Pontiac of the Month

Ungerdog's 2006 G6 GTP

2016 August
of the Month

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  • Posts

    • -When Mazda announced last year that its purpose-built MX-5 Miata Cup race car would sticker for $53,000, we lauded the racer’s affordability. Having sold 108 (!) MX-5 Miata Cup cars, Mazda and Long Road Racing, its partner that actually assembles the Miatas, is gearing up for a second year of production and has implemented a few changes. The good news is that the changes improve the Miata race car. The bad news is that the price has gone up. -Although race cars don’t exactly follow model years, it’s safe to categorize the updated Miata Cup car as being ready for the 2017 racing season. The price rises from $53,000 to $58,900, thanks to a new racing-spec transmission, motor mounts, differential-housing bushings, and engine-computer tweaks. The changes are aimed at enhancing the car’s durability, namely the gearbox, which keeps a number of stock components but has been upgraded to last longer between rebuilds. Mazda has been rolling out the changes to existing customer cars (remember, the Battery Tender Global MX-5 Cup is a spec racing series, so the cars must all be the same), and it’s even throwing current owners an incentive to buy the new car (should they want another): Buy a new MX-5 Cup car by mid-September, and the price will be the same as last year. After that point, it jumps to the new, higher price. - -- - 2017 Mazda MX-5 Miata RF: The Fastback You’ve Been Waiting For, Only Better- 9 Things You Need to Know About the 2016 Mazda MX-5 Miata Cup Race Car- Mazda MX-5 Miata Research: Full Pricing, Specs, Reviews, Photos, and More- --Nearly $60,000 may seem steep for, well, a Miata, but consider that this is a brand-new turnkey race car. It comes with a full safety cage, a sealed engine, a stripped interior—basically everything you need to go racing save a seat, which Mazda specifically leaves out so drivers can pick their favorite chair. Front-running used Spec Miatas, based on either the first- and second-gen Miata, can cost nearly $40,000, so to be able to purchase a new race-prepped Miata for a bit more seems worthwhile. - -View the full article
    • -Last year, as Volkswagen Group’s diesel-emissions-scandal snowball began to roll down the proverbial hill, the automaker stated that every brand and model line would be put under financial review. This was as sensible move, as the scandal’s cost to VW could stretch well into the billions, meaning any nonessential projects could understandably be dust-binned for the company’s greater financial good. Per Automotive News, this is exactly what’s happening, in part, to VW Group member Porsche’s anticipated “960” mid-engine supercar. -We say “in part” because the 960, an exotic piece intended to fill in the space between the sold-out 918 hypercar and the 911 Turbo S in Porsche’s lineup, hasn’t been outright canned yet. It has, however, been subjected to lengthy delay, apparently in an effort to rally funds for settling the obligations due from Volkswagen’s diesel-emissions cheat. Originally slated to debut by 2019, the 960, according to Automotive News, won’t appear until 2026. The pricey (think $250,000) Porsche is hardly Job One in the halls of VW. -- - 2017 Porsche Macan GTS Tested: More Hot Hatch than Crossover- Porsche 911 GT3 RS Tech Dive: Why It’s the Best 911 of Them All- Porsche 718 Cayman Research: Full Pricing, Specs, Photos, Reviews, and More- --However pragmatic the decision, color us sad. Early details of the 960’s layout and features have us salivating: A quad-turbocharged flat-eight engine, possibly with variable-compression-ratio technology (similar to that just revealed by Infiniti), bolted into the middle of a sweet body. With McLaren breathing down Porsche’s neck by offering exotic-looking goods such as the 570S priced in 911 Turbo S territory, Porsche could use a proper supercar-supercar to play in the $250,000–$350,000 space, where it would battle the McLaren 650S, Ferrari 488GTB, and Lamborghini Huracán. (The outgoing 918 Spyder, by the way, cost just shy of $1 million.) The Porsche could ride on the new VW Modular Sports Car architecture, which eventually will underpin every sports car in the automaker’s lineup, and even a future Lamborghini and an Audi. In the meantime, get ready to wait. -View the full article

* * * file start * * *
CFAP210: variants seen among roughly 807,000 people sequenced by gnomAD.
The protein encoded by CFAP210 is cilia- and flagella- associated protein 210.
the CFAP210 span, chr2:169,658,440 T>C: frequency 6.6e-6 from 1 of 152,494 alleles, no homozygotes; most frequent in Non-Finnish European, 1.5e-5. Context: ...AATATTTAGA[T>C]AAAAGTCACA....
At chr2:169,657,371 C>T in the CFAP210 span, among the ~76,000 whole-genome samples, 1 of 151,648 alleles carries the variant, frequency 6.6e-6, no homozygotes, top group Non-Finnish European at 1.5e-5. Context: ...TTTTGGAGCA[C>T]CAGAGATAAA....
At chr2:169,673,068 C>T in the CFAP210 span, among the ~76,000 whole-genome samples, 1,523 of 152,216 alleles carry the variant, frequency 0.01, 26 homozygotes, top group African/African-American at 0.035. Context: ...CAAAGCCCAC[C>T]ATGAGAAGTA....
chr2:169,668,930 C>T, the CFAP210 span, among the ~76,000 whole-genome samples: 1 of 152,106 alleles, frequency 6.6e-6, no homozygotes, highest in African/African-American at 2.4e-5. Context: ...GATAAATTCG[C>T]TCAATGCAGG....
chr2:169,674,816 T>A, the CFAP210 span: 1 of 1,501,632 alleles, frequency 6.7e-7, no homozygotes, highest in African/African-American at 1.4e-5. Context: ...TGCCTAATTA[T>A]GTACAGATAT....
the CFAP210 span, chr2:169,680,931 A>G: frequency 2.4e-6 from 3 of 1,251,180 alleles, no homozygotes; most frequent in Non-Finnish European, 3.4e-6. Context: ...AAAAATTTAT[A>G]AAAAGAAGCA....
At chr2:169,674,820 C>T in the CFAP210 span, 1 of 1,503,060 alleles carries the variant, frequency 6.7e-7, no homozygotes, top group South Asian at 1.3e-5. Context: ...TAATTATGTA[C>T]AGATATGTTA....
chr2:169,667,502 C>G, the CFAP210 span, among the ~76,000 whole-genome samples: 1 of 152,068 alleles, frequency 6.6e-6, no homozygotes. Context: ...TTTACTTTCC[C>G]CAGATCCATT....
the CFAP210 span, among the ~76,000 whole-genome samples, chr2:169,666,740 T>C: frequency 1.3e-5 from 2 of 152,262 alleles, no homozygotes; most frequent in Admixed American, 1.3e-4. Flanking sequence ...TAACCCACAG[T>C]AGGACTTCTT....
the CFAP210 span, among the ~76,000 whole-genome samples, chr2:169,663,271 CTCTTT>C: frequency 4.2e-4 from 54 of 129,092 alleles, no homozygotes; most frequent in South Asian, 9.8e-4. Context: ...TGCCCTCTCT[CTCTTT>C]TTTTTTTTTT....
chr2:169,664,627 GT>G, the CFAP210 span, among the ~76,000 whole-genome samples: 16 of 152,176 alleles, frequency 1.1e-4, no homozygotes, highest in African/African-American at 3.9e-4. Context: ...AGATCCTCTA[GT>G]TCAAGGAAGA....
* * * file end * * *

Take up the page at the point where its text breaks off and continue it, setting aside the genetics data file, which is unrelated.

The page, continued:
• -In the United States of America, the only usual sop to ostentation in the face to death is that the vehicle carrying the deceased to his or her final resting place has historically been built on a luxury automobile’s chassis. Japan, on the other hand, flips the script. True, the 1983 Crown was not the most pedestrian model in Toyota’s line, but compared to a Cadillac or Lincoln of the day, it’s a spare vehicle. But on an American hearse, about the only additional nods to the post-mortem sybarite are a vinyl-covered roof and ornamental carriage bars. Let’s just say the Japanese went a bit further with this one. - -While American-fashion funeral coaches exist in the Land of the Rising Sun, they’re referred to as “foreign style.” A properly Japanese hearse is gussied up like a rolling temple; it’s a machine with all the collective subtlety of an entire bosozoku gang’s worth of Hondas, Yamahas, and Suzukis. This particular model features straight-six power, a four-on-the-tree shifter, and round headlamps, suggesting it was crafted from a van/taxi-spec Crown, rather than one of the more uplevel models. - -But who needs fanciness up front when such a shindig’s a-ragin’ in the rear? The cargo area features what appears to be pale-gold brocade wall-and-upholstery, a quartet of ornate lanterns mounted from the ceiling, and of course, the mandatory lace curtains with additional bamboo privacy shades. And won’t you dig those chrome inner fenders? Outside? What is there to say about the coffin compartment’s exterior other than it’s wildly customized with stamped-brass plates featuring a floral motif. The photos tell the story much better than we could. - -The seller claims the hearse is straight and rust free; that the only real issue is a gummed up carb from having sat in storage. The ask is a pretty heavy $39,500, but c’mon, you can’t buy a pagoda in Kyoto for that. And given that a ’71 280SL just went for $209k at Pebble Beach, you’d be hard-pressed to find a nice Pagoda for that amount, either. Viewed in the right light, it’s peanuts. Just think of all the funeral-crashing fun you’d have in the thing! If this isn’t an automobile built for hijinks, there’s not a vehicle around that is. -- - Cadillac Deville Masterpiece- Paint It Black: The Not-So-Humble Hearse Gets Its Day in the Sun- Toyota Full Coverage: News, Reviews, Photos, and More- --Not to mention, when it’s your time to go, you’ll be all set in the transport department. Have you had to shell out to have a person interred lately? It ain’t cheap. Any penny spent on this beauty is some fraction of a penny saved when you shuffle off this mortal coil. No, you can’t take it with you, but at least you’ll arrive in your final resting place in grand style. - -View the full article